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VALLIS TIMORIS by Mike Chinn and Sir Arthur Conan Doyle

Vallis Cover Front-1

Paperback: 314 pages (14 July 2015)
ISBN-10: 1909573248
ISBN-13: 978-1909573246

Vallis Timoris is our first mash-up novel based on the works of Sir Arthur Conan Doyle. Using 90% of his original text and adding a whole bunch more from the pen of Mike Chinn, we have transformed Doyle’s original novel, The Valley of Fear, into a steampunk adventure that takes Sherlock Holmes to the moon and back.

The Moriarty paradigm is not quite the world that we know. Subtly altered by the machinations of Professor Moriarty, the British Empire dominates the globe using steampunked technology the like of which has never been seen.

Steel Fortresses. Space Cannons. Secret Societies. Sherlock Holmes on the Moon.

In the wake of Lunar Gordon’s conquest of the Moon, Sherlock Holmes must uncover the truth behind the Scowrers of the Vale de Verme in a thrilling pulp adventure in which physics and engineering are every bit as important as the science of deduction.

Table of Contents

Cover – Adrian Middleton & Damon Cavalchini
Frontispiece – Darrel Bevan
Foreword – Guy Adams
Lunar Gordon Claims the Moon! by Adrian Middleton
Vallis Timoris by Mike Chinn
Sherlock Holmes and the Pulp Tradition by Adrian Middleton

Vallis Timoris is available in paperback and ebook formats from Amazon.

Cover: Adrian Middleton & Damon Cavalchini 2015 – copyright Fringeworks Ltd. Interior art by Darrel Bevan.

Posted by Fringeworks in Fringeworks News on Tuesday, August 4th 2015 at 2:16 PM
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The Hound by Paget

Sherlock Holmes, the pipe-smoking, cocaine-taking detective whose adventures were faithfully recounted by his loyal companion Dr Watson, is undergoing something of a make-over. Just as the BBC reinvented him for a modern television audience, now Fringeworks will be reinventing him as a steampunk hero, bringing him to life in the first of an ongoing series of novels revisiting the original canon of Sherlock Holmes. Known as The Moriarty Paradigm, the series will be set in an alternate British Empire created by the genius of James Moriarty, time traveller.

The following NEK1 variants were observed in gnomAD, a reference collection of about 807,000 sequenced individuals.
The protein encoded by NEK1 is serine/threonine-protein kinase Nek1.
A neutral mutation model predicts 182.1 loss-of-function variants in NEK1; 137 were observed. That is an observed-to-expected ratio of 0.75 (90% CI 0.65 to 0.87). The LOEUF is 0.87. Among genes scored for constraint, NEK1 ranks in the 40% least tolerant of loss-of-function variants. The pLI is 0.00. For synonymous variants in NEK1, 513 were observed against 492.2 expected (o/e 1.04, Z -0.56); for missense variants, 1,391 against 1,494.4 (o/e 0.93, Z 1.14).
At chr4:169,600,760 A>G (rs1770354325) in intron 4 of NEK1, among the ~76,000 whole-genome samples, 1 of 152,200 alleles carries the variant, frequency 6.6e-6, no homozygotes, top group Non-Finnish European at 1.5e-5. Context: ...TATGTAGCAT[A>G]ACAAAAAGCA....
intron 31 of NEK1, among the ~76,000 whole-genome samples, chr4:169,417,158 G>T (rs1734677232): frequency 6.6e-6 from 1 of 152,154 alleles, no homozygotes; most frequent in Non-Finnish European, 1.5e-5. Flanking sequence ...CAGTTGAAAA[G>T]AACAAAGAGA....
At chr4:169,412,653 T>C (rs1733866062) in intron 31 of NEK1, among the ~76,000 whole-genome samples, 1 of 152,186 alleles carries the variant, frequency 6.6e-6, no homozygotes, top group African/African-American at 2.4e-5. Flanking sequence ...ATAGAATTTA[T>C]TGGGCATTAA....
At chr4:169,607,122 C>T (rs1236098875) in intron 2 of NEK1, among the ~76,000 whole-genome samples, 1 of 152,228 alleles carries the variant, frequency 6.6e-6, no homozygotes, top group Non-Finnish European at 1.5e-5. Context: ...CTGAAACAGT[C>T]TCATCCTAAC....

The most famous of all Sherlock Holmes novels, The Hound of the Baskervilles, will be re-imagined as The Curse of the Baskervilles by Jonathan Green, the King of British Steampulp and creator of Abaddon’s Pax Britannia series and Her Majesty knows how many gamebooks. It will be published later in 2013.

> We asked Jonathan how he would approach bringing steampunk elements into Holmes’ most notorious adventure.

Two words; ‘very’ and ‘carefully’! It would be all too easy to re-write The Hound of the Baskervilles, throwing in a few steampunk clichés here and there. However, that would be totally disrespectful of Sir Arthur Conan Doyle’s accomplishments – the equivalent of sticking a few gears on a pair of boots and branding them ‘steampunk’.

Instead, I want to make sure that the steampunk aspect becomes intrinsic to the plot, and that will involve quite a bit of head-scratching, I’m sure.

> As a prolific and well known veteran of the British steampunk scene, will this be your first attempt at working Sherlock Holmes into the steampunk genre?

It will be, strangely enough, although it won’t be my last.
When Abaddon Books were still accepting open pitches for Pax Britannia novels, somebody did pitch one that featured Sherlock Holmes. But, in the end, it wasn’t to be.

>Hound was the most gothic of the Holmes adventures, and the story keeps you wondering if the resolution is supernatural or grounded in reality. Will you be doing the same?

Absolutely! I believe that it’s the supernatural aspect of the story (whether it really is supernatural or not) that makes Hound the most memorable of all the Sherlock Holmes canon and the consulting detective’s most well-known adventure. To remove that questionable paranormal element would be to lose a vital part of the story.

>How does helping to build a shared fictional universe compare to creating one of your own?

Both bring their own challenges. Everything that exists within the world of Pax Britannia is there because I put it there, or because I agreed to its inclusion. However, the down side of that is that it’s a lot of hard work!

Working as part of a group, and making sure everyone’s ideas and opinions are listened to and valued, involves another skill set altogether. But when a group of like-minded people get together and bounce ideas off one another, who knows where they might end up taking an idea?

This project is a perfect example. It’s going to be a very exciting venture. As Holmes himself would say, the game is afoot!

Posted by Fringeworks in Fringeworks News on Monday, January 28th 2013 at 5:07 PM
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